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T&T Chamber president: SMEs can learn from successful nationals

Thursday, July 10, 2014

Small and medium enterprises (SMEs) make an important contribution to T&T’s economy and increased emphasis must be placed on their sustainable growth, Moonilal Lalchan, president of the T&T Chamber of Commerce, said yesterday. “According to the draft SME policy for T&T, SMEs contribute to 28 per cent of the gross domestic product (GDP). They represent more than 20,000 enterprises, employ 200,000 persons and make up 85 per cent of all registered businesses. 



“Given these statistics and understanding that SMEs are the highest potential growth and employment source, and we have placed on our strategic agenda the development of the SME sector,” he told participants at the Chamber’s two-day SME conference at the Hyatt Regency in Port-of-Spain. Lalchan admitted that making SMEs sustainable was “a goal difficult to realise as we live in an era of rapid change.” 


He said: “More than ever, SMEs have to develop, co-exist and thrive in a digital, borderless, highly competitive and greener world. It is imperative that these businesses take advantage of learning new technologies from more experienced nationals and multi-nationals, giving them the competitive edge and opportunity to enter new markets regionally and internationally.” Lalchan said SME’s could learn from T&T nationals who have lived abroad and are successful.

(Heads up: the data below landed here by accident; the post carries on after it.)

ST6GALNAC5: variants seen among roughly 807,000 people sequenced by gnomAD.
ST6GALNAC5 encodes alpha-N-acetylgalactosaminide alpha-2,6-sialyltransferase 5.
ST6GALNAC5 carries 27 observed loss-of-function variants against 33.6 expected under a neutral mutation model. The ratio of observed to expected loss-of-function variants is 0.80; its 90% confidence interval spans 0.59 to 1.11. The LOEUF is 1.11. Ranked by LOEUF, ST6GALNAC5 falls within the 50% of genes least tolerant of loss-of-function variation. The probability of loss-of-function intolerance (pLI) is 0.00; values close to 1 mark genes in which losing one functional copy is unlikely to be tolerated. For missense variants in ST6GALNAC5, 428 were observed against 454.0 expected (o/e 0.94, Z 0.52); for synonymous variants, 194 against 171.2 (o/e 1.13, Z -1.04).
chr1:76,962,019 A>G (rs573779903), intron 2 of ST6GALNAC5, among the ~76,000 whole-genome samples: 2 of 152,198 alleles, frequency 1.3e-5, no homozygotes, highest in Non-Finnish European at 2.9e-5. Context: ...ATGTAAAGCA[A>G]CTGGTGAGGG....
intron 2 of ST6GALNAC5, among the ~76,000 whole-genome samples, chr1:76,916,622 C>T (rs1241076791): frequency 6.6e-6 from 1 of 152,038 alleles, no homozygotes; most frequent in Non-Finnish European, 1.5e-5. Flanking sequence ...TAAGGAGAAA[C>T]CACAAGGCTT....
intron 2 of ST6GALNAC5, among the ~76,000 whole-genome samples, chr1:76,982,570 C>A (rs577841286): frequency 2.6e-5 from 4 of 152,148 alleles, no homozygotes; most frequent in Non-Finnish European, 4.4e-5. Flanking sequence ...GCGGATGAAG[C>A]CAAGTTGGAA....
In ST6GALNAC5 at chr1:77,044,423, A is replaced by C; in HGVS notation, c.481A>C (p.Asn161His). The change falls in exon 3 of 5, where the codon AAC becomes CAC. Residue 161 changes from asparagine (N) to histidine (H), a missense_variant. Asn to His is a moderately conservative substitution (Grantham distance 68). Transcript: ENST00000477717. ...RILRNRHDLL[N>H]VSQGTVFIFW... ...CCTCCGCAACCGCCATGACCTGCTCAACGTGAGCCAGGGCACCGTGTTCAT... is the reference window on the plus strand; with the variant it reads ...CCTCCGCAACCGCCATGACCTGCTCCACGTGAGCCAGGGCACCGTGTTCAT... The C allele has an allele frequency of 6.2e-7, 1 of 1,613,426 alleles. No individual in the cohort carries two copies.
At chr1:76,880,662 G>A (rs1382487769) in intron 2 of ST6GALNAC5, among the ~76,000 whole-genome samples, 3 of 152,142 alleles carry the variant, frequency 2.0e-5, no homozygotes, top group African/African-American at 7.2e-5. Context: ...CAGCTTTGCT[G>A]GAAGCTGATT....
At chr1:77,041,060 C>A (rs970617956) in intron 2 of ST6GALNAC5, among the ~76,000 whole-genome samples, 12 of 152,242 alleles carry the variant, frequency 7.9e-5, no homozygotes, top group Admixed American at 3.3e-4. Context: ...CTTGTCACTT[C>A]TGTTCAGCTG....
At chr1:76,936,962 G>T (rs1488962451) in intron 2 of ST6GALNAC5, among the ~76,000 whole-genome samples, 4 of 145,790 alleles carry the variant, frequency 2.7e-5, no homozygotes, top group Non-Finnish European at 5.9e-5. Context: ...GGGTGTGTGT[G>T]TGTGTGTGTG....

“So we can all grow our enterprises from a small operation run from our garage to launching an international IPO. I am sure you all know the story of Facebook, so you know this is quite possible for innovation and job creation capacity. To grow and become more competitive, we must look at how larger organisations and how the Government can look at SMEs and what they need, which is a more business-friendly environment, less red tape, better and more varied access to finance and fewer obstacles to cross border activity,” he said.


Jerome Chambers, chairman of the Chamber’s Nova committee, urged SMEs to think big. “For every problem or need that you can identify in the market, create a solution that is uniquely you, uniquely Caribbean. Just do not make sugar cake, create, or how about a nutmeg infused tea?” he suggested.


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